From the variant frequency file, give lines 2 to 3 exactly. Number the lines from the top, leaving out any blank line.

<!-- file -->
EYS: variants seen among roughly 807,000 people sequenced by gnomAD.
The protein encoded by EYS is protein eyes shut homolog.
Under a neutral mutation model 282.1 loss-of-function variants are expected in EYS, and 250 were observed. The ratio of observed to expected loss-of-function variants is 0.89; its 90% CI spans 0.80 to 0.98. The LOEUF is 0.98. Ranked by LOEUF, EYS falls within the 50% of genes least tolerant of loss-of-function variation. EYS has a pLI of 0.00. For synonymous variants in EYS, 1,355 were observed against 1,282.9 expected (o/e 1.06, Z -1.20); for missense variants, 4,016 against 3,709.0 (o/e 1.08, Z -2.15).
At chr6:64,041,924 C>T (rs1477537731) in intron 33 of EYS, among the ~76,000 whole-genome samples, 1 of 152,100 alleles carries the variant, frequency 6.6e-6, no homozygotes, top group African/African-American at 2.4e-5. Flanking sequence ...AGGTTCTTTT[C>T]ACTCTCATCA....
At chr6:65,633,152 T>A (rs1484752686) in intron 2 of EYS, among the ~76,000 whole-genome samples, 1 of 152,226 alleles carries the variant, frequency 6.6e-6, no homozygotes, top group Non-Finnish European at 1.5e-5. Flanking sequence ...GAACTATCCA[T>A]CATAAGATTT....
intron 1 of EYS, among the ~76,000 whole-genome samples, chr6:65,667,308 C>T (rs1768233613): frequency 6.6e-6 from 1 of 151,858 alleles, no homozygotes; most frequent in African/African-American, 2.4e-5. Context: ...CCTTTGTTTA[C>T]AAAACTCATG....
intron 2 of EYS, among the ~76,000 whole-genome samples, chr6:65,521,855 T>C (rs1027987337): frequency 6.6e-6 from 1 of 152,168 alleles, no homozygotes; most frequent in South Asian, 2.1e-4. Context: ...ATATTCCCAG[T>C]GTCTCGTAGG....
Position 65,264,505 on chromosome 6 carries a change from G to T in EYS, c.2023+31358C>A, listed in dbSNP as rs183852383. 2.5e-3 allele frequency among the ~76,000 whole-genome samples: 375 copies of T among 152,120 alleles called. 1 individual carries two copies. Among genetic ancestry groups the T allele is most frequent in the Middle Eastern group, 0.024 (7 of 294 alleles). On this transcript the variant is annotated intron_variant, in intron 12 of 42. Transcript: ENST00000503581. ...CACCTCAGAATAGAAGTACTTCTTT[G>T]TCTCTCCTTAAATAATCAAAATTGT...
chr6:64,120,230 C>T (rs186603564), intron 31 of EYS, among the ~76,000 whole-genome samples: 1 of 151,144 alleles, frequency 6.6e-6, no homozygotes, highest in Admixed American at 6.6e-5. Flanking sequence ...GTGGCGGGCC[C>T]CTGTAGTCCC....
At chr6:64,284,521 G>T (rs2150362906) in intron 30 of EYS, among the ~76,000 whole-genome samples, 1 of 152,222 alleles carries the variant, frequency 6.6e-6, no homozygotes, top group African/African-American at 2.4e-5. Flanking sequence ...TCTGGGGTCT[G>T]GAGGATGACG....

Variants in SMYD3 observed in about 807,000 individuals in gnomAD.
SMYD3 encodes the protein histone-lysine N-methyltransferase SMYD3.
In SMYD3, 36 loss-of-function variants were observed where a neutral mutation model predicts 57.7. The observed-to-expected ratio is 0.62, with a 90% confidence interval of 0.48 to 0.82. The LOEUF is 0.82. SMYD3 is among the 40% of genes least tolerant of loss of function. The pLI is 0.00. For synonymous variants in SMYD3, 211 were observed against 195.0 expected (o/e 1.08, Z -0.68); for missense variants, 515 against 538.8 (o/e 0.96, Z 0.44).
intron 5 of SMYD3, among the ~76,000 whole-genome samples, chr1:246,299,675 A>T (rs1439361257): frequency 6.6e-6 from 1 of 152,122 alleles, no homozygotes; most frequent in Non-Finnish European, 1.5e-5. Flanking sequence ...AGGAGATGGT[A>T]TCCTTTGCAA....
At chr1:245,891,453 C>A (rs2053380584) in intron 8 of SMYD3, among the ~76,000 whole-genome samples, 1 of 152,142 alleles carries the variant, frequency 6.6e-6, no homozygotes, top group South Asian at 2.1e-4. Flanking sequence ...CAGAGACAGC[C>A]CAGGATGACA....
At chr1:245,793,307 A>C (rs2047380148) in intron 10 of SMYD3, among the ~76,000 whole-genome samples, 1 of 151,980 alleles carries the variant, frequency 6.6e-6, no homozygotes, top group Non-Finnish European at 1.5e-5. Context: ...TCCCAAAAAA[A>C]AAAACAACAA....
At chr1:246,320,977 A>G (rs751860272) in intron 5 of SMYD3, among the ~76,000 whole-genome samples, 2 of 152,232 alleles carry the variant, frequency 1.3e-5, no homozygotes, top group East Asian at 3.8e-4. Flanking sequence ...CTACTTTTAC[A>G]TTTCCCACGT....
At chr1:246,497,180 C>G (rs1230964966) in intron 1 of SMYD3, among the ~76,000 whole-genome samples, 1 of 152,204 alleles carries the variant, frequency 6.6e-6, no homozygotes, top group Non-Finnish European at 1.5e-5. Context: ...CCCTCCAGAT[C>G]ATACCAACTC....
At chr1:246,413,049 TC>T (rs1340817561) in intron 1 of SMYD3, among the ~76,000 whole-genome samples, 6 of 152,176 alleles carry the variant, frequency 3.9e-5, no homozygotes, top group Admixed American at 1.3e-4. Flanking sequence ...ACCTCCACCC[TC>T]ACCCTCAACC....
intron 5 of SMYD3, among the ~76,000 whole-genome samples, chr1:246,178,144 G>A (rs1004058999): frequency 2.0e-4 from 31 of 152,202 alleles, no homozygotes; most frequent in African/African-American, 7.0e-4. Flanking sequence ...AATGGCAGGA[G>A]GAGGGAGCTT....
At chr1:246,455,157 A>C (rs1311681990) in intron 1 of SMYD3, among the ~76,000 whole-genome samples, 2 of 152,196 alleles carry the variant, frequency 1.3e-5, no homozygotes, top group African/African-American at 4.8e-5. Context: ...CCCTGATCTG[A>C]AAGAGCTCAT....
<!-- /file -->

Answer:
The protein encoded by EYS is protein eyes shut homolog.
Under a neutral mutation model 282.1 loss-of-function variants are expected in EYS, and 250 were observed. The ratio of observed to expected loss-of-function variants is 0.89; its 90% CI spans 0.80 to 0.98. The LOEUF is 0.98. Ranked by LOEUF, EYS falls within the 50% of genes least tolerant of loss-of-function variation. EYS has a pLI of 0.00. For synonymous variants in EYS, 1,355 were observed against 1,282.9 expected (o/e 1.06, Z -1.20); for missense variants, 4,016 against 3,709.0 (o/e 1.08, Z -2.15).